Hong Kong migrants to UK will need support, ministers told

By Callum May
BBC News

image source, Reuters
image captionProtests to defend Hong Kong's autonomy from Beijing have a reputation for violence

Migrants from Hong Kong to the UK say they have concerns about housing, jobs and Chinese state surveillance once they start to arrive from next year.

The claims have been made by a new migrants' group ahead of the introduction of a new Hong Kong visa.

From 31 January, Hong Kong residents can come to the UK for up to five years and apply for permanent residency.

Britain says Beijing's imposition of a national security law on the region is an erosion of freedoms and rights.

The group Hong Kongers in Britain (HKB) says migrants expect to experience difficulties finding housing and jobs.

And some have raised concerns they might be tracked by "informants or secret agents" from China.

HKB is urging the Home Office to show discretion to people who may have criminal records in Hong Kong as a result of taking part in pro-democracy protests.

But the organisation expects the new population to integrate well, including with the UK's existing Chinese communities.

At the last census in 2011 there were around 400,000 Chinese people living in England and Wales.

HKB said most migrants would be well-educated, higher-earners who speak good English.

Spokeswoman Dr Rikkie Yeung said: "Hong Kongers who are trying to leave Hong Kong out of concern for safety and freedoms share similar values with the British people.

"I hope that people can integrate easily into this country."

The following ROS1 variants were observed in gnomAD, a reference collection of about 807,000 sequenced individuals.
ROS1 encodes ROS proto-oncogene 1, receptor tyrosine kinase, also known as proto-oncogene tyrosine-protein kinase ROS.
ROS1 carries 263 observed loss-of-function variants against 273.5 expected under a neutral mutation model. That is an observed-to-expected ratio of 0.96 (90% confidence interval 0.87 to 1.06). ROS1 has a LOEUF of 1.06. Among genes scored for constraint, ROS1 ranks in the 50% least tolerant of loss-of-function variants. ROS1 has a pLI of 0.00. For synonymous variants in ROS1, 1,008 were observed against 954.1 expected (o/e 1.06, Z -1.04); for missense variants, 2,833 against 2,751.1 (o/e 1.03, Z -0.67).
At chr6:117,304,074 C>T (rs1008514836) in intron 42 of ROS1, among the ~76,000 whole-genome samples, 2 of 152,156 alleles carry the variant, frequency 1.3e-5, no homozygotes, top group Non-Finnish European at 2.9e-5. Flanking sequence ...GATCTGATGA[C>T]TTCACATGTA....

'Helping hands'

The Home Office says at least 154,000 Hong Kong people could arrive on the British National (Overseas) visa in the first year, with between 258,000 and 322,000 arriving in Britain before 2026.

This represents about 22% of total UK immigration in the year to March 2020, before the pandemic took hold.

But HKB says its own research suggests more than 500,000 eligible people could apply for the visa during 2021, with at least 330,000 people and their dependants moving to the UK in the first year.

Its figures are based on the views of 315 Hong Kong people who chose to complete a questionnaire.

HKB's report said the vast majority of respondents were planning to come in the first two years of the visa scheme.

Simon Cheng, who chairs HKB, is a former UK consulate worker in Hong Kong and last year told BBC News he had been detained and beaten in mainland China.

Mr Cheng told BBC News: "We are ready to extend our helping hands, to bring together a meaningful Hong Kongers' community, make Hong Kongers feel at home in the UK, work together to retain common identities and values, empower Hong Kongers to continue to fight for their beliefs and goals, and bring out their best of the Hong Kong spirit to the British society and beyond."